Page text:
If you'd like to learn more about CORS and why it is needed on the web, please refer to MDN's CORS documentation page
To reduce security concerns, we do not support adding CORS in the container. However, there are well known web development patterns that allow us to call APIs from the browser while still respecting CORS headers.
There are many established patterns for dealing with CORS headers. We will explain two common patterns, however this is not an exhaustive list. The solution you ultimately end up going with will depend on your web technologies and current application architecture.
CORS specifically was made to protect against browser-based vulnerabilities.
You can access the Private AI container's APIs from an API gateway or backend without any CORS headers required. That API Gateway or backend can then in-turn have CORS configured for the domain of your front-end application.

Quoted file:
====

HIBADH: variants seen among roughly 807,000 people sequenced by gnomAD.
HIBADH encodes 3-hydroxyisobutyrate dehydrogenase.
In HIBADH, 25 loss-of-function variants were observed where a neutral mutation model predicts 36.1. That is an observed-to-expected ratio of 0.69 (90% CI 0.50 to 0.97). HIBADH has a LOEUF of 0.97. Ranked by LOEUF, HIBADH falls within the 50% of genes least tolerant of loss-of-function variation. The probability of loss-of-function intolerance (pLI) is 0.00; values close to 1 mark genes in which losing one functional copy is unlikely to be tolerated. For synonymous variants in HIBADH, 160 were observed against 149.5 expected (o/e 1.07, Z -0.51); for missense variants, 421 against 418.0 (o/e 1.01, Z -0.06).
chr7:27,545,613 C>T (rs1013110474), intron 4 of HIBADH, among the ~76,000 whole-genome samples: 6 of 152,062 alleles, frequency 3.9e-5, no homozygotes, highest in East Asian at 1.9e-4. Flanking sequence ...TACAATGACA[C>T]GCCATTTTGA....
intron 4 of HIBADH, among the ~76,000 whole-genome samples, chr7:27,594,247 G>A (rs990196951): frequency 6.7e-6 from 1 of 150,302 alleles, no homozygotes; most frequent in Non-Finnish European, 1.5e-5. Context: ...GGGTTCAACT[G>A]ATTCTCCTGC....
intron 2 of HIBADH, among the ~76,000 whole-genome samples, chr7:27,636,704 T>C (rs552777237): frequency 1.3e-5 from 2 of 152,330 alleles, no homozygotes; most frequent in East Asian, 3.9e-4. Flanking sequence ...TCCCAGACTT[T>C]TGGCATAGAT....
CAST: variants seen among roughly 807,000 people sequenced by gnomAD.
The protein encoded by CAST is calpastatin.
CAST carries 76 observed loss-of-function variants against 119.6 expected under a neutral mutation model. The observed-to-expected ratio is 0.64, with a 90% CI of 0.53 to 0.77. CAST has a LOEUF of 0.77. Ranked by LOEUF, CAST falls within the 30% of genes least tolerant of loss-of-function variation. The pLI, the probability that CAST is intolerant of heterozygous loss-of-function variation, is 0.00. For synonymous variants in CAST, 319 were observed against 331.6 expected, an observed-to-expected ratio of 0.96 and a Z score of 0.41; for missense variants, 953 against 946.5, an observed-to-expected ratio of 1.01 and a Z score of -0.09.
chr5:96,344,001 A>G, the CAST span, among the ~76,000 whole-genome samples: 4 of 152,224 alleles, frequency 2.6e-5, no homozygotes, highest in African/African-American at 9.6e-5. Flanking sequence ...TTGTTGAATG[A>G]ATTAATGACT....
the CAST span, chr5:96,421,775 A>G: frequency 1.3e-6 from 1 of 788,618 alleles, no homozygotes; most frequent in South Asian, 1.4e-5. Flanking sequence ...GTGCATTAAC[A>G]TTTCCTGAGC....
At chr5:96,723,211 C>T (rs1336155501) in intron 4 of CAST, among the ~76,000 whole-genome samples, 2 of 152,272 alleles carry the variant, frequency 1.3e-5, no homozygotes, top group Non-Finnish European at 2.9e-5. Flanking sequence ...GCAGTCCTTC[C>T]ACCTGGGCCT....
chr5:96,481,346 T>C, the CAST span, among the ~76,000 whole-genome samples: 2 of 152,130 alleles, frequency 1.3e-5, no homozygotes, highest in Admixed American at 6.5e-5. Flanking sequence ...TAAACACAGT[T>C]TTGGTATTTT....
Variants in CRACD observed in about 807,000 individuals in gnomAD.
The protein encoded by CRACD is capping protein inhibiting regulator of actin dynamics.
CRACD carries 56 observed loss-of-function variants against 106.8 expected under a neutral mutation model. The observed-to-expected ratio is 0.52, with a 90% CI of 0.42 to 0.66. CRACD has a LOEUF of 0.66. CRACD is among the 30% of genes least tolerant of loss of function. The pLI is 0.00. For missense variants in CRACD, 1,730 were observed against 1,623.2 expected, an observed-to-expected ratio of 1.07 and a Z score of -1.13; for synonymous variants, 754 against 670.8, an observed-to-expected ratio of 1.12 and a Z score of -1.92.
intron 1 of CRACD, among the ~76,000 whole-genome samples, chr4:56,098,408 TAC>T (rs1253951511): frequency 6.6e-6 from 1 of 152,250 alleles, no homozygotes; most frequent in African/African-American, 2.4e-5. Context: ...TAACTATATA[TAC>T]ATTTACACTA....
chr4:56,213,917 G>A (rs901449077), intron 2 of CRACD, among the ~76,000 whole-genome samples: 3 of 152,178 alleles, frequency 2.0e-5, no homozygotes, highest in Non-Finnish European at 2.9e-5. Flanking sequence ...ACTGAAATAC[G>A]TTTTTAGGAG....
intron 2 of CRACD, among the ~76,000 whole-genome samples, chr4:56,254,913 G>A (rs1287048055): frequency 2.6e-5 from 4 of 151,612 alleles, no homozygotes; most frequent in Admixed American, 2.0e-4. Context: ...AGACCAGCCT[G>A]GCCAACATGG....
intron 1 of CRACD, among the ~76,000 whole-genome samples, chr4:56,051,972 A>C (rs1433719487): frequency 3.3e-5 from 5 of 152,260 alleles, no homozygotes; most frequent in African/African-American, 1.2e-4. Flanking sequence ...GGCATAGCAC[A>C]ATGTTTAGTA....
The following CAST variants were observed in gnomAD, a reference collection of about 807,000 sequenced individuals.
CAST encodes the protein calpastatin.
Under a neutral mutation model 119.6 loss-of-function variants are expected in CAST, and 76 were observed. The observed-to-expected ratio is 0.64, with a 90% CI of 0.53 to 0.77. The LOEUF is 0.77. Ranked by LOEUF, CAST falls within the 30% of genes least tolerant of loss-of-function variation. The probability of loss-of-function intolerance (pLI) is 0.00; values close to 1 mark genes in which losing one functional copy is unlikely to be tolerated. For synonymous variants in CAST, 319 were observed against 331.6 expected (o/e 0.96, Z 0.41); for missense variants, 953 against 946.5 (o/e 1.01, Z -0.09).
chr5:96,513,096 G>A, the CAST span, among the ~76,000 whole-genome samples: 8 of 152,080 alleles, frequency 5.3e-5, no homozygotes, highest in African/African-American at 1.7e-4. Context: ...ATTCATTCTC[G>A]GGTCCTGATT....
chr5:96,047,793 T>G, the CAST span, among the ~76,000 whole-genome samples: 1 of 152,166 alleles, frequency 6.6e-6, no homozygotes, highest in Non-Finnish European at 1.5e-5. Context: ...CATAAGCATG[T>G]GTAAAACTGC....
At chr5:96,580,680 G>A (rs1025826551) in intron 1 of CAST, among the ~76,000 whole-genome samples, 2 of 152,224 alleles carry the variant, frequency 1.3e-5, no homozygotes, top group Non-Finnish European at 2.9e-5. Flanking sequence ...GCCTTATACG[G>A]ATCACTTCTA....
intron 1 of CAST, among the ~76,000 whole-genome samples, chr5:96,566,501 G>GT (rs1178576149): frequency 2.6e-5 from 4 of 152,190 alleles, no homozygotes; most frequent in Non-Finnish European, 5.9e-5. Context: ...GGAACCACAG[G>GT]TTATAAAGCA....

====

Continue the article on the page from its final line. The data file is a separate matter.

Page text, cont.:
In this diagram, we've set up an API Gateway to allow our website's (website.com) origin to have access to the api-gateway.com resources.
Because CORS isn't required for server-to-server interaction, the connection from
api.private-ai.com does not need require CORS headers for it to be successful.
As the same-origin policy is implemented by internet browsers and not enforced within server-to-server communication, you can use a proxy server to call the external API.
A proxy server acts as a middleware between the client and the server. Instead of making a request from the client to the external API directly, you can make a request to the proxy server. The proxy server will make a request to the external API for you and return the response that it receives from the external API.
For example, the popular build tool Vite allows you to create a proxy server while you are locally developing your front end application. Details about the proxy server can be found in the vite documentation.